What a Scrooge Part 5 (A Christmas Carol, 2009)
And yet, the motion capture was not as distracting as I expected. The character designs had an old storybook look.
And yes, it is an opportunity for Carrey to show off, but this film works in his favor. Carrey provides the voice of Scrooge and all three Ghosts. The film has some of the most imaginative takes on the ghosts, as only animation allows.
The Ghost of Christmas Present has a flame for a head, symbolic of the birth of hope (at least to me) to be mined from the past. While the Ghost of Christmas Present appears very much like other incarnations in his wreath crown and red robe, Carrey plays him with a wicked glee. This is a powerful component of the Ghost that can often be missed. He enjoys sticking it to Scrooge by using his own words against him. The best adaptions of the story remember this.
Marley is spot on. He is downright horrifying, as is fitting to the story. If your Marley is not fear inducing, you are getting it all wrong. And here, Marley’s arrival is intense.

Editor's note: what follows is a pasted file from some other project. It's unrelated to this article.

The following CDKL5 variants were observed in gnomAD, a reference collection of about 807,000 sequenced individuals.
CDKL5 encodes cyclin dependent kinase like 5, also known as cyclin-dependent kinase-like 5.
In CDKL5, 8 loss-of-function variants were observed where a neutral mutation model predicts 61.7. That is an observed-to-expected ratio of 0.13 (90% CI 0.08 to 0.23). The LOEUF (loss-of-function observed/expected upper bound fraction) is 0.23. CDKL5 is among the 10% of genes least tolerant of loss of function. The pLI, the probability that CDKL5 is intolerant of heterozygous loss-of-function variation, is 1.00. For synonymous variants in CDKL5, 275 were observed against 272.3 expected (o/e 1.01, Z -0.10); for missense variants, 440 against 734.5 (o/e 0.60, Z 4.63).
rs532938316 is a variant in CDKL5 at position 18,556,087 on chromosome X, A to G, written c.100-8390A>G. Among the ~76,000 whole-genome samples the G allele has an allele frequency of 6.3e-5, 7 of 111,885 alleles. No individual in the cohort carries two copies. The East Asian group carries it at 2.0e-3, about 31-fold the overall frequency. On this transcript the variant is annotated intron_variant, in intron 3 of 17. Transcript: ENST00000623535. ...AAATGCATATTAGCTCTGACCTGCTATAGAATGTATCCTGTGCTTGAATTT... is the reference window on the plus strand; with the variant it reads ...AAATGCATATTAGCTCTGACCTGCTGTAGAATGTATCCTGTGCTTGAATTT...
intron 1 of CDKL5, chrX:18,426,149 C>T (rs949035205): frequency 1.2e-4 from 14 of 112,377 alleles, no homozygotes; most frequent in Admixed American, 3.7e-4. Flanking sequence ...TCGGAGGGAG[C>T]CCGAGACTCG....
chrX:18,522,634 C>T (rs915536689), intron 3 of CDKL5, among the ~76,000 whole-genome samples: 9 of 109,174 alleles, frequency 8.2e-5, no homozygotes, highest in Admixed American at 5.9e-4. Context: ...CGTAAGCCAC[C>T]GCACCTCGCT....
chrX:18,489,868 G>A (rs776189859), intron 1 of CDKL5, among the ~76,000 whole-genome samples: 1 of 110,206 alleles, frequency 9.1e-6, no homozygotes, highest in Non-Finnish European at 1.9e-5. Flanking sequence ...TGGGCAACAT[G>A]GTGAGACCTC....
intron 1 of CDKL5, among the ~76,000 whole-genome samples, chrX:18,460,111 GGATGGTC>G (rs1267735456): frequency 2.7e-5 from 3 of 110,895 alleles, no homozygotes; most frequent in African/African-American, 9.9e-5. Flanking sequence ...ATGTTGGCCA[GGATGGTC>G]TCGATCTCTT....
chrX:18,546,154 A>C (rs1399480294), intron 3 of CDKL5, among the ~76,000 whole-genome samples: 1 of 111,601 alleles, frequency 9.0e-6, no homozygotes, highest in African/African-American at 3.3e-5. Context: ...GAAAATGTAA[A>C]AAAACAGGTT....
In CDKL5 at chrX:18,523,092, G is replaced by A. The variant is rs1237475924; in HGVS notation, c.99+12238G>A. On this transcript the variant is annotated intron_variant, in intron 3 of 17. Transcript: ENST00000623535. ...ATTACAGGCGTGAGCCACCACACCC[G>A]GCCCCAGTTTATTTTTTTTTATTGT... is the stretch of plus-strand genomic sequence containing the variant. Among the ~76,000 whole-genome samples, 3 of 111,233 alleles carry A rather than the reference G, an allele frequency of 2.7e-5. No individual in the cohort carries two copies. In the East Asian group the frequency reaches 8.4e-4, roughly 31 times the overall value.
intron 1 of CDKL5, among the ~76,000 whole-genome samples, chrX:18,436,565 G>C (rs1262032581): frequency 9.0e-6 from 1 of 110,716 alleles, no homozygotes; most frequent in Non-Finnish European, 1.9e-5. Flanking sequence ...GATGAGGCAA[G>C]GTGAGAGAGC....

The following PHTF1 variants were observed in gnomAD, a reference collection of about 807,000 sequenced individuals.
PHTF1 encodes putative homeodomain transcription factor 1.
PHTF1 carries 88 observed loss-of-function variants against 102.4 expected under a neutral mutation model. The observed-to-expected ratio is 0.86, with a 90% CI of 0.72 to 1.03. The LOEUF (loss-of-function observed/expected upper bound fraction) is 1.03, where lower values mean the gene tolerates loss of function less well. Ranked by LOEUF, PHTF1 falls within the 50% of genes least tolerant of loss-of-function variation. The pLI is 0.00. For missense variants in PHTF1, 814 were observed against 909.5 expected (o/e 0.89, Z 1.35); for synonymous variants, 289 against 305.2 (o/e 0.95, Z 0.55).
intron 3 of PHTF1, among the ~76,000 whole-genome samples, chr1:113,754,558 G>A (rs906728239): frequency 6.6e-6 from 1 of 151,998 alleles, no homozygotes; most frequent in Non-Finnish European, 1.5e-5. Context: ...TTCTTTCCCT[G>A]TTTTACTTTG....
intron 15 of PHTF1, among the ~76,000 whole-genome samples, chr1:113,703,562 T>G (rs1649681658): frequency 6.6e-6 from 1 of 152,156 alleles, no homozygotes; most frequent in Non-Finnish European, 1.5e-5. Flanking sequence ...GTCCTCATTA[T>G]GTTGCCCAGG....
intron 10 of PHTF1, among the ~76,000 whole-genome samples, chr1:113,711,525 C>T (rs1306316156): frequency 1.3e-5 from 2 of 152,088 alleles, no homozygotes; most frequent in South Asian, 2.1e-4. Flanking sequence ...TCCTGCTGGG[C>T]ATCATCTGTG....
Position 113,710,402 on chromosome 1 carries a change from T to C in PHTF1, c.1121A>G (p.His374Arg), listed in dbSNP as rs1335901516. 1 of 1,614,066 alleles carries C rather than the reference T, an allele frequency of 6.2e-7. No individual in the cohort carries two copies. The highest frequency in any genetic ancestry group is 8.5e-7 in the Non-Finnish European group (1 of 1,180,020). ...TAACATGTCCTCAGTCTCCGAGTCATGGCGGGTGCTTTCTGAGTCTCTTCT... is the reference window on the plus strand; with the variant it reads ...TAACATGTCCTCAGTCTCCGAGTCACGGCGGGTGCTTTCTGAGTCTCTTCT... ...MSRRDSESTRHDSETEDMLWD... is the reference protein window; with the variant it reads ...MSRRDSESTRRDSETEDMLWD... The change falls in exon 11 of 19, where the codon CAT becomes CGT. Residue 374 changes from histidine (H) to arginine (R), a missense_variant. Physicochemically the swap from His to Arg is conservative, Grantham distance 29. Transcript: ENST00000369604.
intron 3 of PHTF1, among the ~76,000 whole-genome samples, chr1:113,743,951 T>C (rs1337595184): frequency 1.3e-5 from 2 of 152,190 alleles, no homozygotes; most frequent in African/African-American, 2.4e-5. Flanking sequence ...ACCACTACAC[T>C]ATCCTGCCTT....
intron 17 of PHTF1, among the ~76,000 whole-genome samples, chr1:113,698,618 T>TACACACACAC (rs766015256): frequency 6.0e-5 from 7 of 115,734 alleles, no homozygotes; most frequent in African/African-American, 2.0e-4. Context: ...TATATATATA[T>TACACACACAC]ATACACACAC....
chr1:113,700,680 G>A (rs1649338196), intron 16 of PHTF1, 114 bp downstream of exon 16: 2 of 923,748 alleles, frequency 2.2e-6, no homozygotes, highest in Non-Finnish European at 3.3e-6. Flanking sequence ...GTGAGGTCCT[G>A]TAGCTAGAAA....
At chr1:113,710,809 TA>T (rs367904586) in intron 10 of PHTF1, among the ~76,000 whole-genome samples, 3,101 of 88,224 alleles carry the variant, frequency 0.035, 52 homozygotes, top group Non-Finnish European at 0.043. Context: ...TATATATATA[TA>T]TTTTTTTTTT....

The performances are all effective. Oldman’s Marley is grim, angry and desperate. His Bob Cratchit kindly and gentle. Colin Firth brings warmth and joy to Fred. But Carrey? He shines as Scrooge. He brings the right amount of fear and bitterness to Scrooge. His ghosts echo his voice ever so slightly, as if each ghost has a direct link to Scrooge.
Post conversion Scrooge hits all the right notes. He is giddy, joyful and full of hope. There is a glint of childish mischievousness in him as he plays off the expectations of those around him and then surprises them.
The one sore spot for me is that there two absurd and over the top effects sequences. The first has Scrooge rocketing through the sky after extinguishing the ghost of Christmas Past. The second is where Scrooge shrinks and grows while trying to outrun the horses of the Ghost of Christmas Future.
But overall, writer/director Robert Zemeckis and his cast seem to understand the story, and put together a pretty effective version of the tale. They get the horror element, the scary aspect of the story, but also the hope and redemption. I was pleasantly surprised with this one.